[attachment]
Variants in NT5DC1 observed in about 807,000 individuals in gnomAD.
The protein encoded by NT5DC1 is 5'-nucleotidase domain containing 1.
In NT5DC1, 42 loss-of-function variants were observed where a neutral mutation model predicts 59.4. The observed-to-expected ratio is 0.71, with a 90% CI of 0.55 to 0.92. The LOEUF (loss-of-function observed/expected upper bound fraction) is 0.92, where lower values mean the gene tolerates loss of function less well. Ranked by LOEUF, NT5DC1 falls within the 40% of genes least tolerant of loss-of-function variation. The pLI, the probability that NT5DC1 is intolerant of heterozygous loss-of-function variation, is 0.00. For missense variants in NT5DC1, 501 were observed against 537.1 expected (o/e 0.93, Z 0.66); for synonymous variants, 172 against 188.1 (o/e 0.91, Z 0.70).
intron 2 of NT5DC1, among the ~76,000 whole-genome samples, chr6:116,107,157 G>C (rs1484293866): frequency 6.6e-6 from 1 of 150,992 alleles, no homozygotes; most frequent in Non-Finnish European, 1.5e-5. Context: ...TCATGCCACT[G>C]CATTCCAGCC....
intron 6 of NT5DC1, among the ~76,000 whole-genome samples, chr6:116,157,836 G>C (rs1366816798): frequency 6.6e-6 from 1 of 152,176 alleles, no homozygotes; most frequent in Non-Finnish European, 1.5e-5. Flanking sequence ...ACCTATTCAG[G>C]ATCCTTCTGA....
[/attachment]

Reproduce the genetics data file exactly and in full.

Variants in NT5DC1 observed in about 807,000 individuals in gnomAD.
The protein encoded by NT5DC1 is 5'-nucleotidase domain containing 1.
In NT5DC1, 42 loss-of-function variants were observed where a neutral mutation model predicts 59.4. The observed-to-expected ratio is 0.71, with a 90% CI of 0.55 to 0.92. The LOEUF (loss-of-function observed/expected upper bound fraction) is 0.92, where lower values mean the gene tolerates loss of function less well. Ranked by LOEUF, NT5DC1 falls within the 40% of genes least tolerant of loss-of-function variation. The pLI, the probability that NT5DC1 is intolerant of heterozygous loss-of-function variation, is 0.00. For missense variants in NT5DC1, 501 were observed against 537.1 expected (o/e 0.93, Z 0.66); for synonymous variants, 172 against 188.1 (o/e 0.91, Z 0.70).
intron 2 of NT5DC1, among the ~76,000 whole-genome samples, chr6:116,107,157 G>C (rs1484293866): frequency 6.6e-6 from 1 of 150,992 alleles, no homozygotes; most frequent in Non-Finnish European, 1.5e-5. Context: ...TCATGCCACT[G>C]CATTCCAGCC....
intron 6 of NT5DC1, among the ~76,000 whole-genome samples, chr6:116,157,836 G>C (rs1366816798): frequency 6.6e-6 from 1 of 152,176 alleles, no homozygotes; most frequent in Non-Finnish European, 1.5e-5. Flanking sequence ...ACCTATTCAG[G>C]ATCCTTCTGA....